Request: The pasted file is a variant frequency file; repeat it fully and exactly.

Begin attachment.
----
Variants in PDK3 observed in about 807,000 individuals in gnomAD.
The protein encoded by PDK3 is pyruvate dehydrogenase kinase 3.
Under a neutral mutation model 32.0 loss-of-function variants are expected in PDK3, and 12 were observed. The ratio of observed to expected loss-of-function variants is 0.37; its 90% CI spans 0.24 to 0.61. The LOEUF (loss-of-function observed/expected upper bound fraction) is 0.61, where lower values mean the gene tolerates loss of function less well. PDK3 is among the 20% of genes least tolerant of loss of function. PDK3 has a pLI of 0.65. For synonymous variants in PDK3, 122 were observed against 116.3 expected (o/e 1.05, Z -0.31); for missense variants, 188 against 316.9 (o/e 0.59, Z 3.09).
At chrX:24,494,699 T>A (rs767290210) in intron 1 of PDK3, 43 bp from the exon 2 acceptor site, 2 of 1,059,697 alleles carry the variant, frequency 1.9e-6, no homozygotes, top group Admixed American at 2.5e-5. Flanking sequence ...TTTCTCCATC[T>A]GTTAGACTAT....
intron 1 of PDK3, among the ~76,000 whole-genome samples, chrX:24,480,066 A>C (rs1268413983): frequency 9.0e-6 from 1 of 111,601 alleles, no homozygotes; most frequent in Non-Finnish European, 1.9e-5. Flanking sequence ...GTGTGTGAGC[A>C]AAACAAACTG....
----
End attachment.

Variants in PDK3 observed in about 807,000 individuals in gnomAD.
The protein encoded by PDK3 is pyruvate dehydrogenase kinase 3.
Under a neutral mutation model 32.0 loss-of-function variants are expected in PDK3, and 12 were observed. The ratio of observed to expected loss-of-function variants is 0.37; its 90% CI spans 0.24 to 0.61. The LOEUF (loss-of-function observed/expected upper bound fraction) is 0.61, where lower values mean the gene tolerates loss of function less well. PDK3 is among the 20% of genes least tolerant of loss of function. PDK3 has a pLI of 0.65. For synonymous variants in PDK3, 122 were observed against 116.3 expected (o/e 1.05, Z -0.31); for missense variants, 188 against 316.9 (o/e 0.59, Z 3.09).
At chrX:24,494,699 T>A (rs767290210) in intron 1 of PDK3, 43 bp from the exon 2 acceptor site, 2 of 1,059,697 alleles carry the variant, frequency 1.9e-6, no homozygotes, top group Admixed American at 2.5e-5. Flanking sequence ...TTTCTCCATC[T>A]GTTAGACTAT....
intron 1 of PDK3, among the ~76,000 whole-genome samples, chrX:24,480,066 A>C (rs1268413983): frequency 9.0e-6 from 1 of 111,601 alleles, no homozygotes; most frequent in Non-Finnish European, 1.9e-5. Flanking sequence ...GTGTGTGAGC[A>C]AAACAAACTG....